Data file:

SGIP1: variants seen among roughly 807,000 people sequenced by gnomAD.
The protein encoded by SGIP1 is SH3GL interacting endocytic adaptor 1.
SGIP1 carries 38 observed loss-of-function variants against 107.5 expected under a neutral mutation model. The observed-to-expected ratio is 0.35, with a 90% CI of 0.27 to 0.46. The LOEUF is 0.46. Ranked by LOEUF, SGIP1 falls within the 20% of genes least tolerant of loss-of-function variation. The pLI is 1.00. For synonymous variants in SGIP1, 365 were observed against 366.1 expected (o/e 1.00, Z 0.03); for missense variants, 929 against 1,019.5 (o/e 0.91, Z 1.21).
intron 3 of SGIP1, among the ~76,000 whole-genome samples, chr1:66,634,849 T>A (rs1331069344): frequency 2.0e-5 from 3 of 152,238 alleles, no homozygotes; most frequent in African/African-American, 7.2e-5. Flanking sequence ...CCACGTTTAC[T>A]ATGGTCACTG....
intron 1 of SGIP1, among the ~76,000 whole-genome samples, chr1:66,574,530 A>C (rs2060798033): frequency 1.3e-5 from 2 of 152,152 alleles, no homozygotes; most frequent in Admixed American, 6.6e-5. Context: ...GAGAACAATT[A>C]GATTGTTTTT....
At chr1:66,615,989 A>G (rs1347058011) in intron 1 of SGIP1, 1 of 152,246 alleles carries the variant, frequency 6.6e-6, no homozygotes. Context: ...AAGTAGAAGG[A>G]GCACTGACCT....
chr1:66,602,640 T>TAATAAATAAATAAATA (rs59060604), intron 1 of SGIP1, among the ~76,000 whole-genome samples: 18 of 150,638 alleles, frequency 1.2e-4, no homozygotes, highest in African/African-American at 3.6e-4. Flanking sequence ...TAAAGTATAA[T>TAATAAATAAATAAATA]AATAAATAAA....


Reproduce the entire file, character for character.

SGIP1: variants seen among roughly 807,000 people sequenced by gnomAD.
The protein encoded by SGIP1 is SH3GL interacting endocytic adaptor 1.
SGIP1 carries 38 observed loss-of-function variants against 107.5 expected under a neutral mutation model. The observed-to-expected ratio is 0.35, with a 90% CI of 0.27 to 0.46. The LOEUF is 0.46. Ranked by LOEUF, SGIP1 falls within the 20% of genes least tolerant of loss-of-function variation. The pLI is 1.00. For synonymous variants in SGIP1, 365 were observed against 366.1 expected (o/e 1.00, Z 0.03); for missense variants, 929 against 1,019.5 (o/e 0.91, Z 1.21).
intron 3 of SGIP1, among the ~76,000 whole-genome samples, chr1:66,634,849 T>A (rs1331069344): frequency 2.0e-5 from 3 of 152,238 alleles, no homozygotes; most frequent in African/African-American, 7.2e-5. Flanking sequence ...CCACGTTTAC[T>A]ATGGTCACTG....
intron 1 of SGIP1, among the ~76,000 whole-genome samples, chr1:66,574,530 A>C (rs2060798033): frequency 1.3e-5 from 2 of 152,152 alleles, no homozygotes; most frequent in Admixed American, 6.6e-5. Context: ...GAGAACAATT[A>C]GATTGTTTTT....
At chr1:66,615,989 A>G (rs1347058011) in intron 1 of SGIP1, 1 of 152,246 alleles carries the variant, frequency 6.6e-6, no homozygotes. Context: ...AAGTAGAAGG[A>G]GCACTGACCT....
chr1:66,602,640 T>TAATAAATAAATAAATA (rs59060604), intron 1 of SGIP1, among the ~76,000 whole-genome samples: 18 of 150,638 alleles, frequency 1.2e-4, no homozygotes, highest in African/African-American at 3.6e-4. Flanking sequence ...TAAAGTATAA[T>TAATAAATAAATAAATA]AATAAATAAA....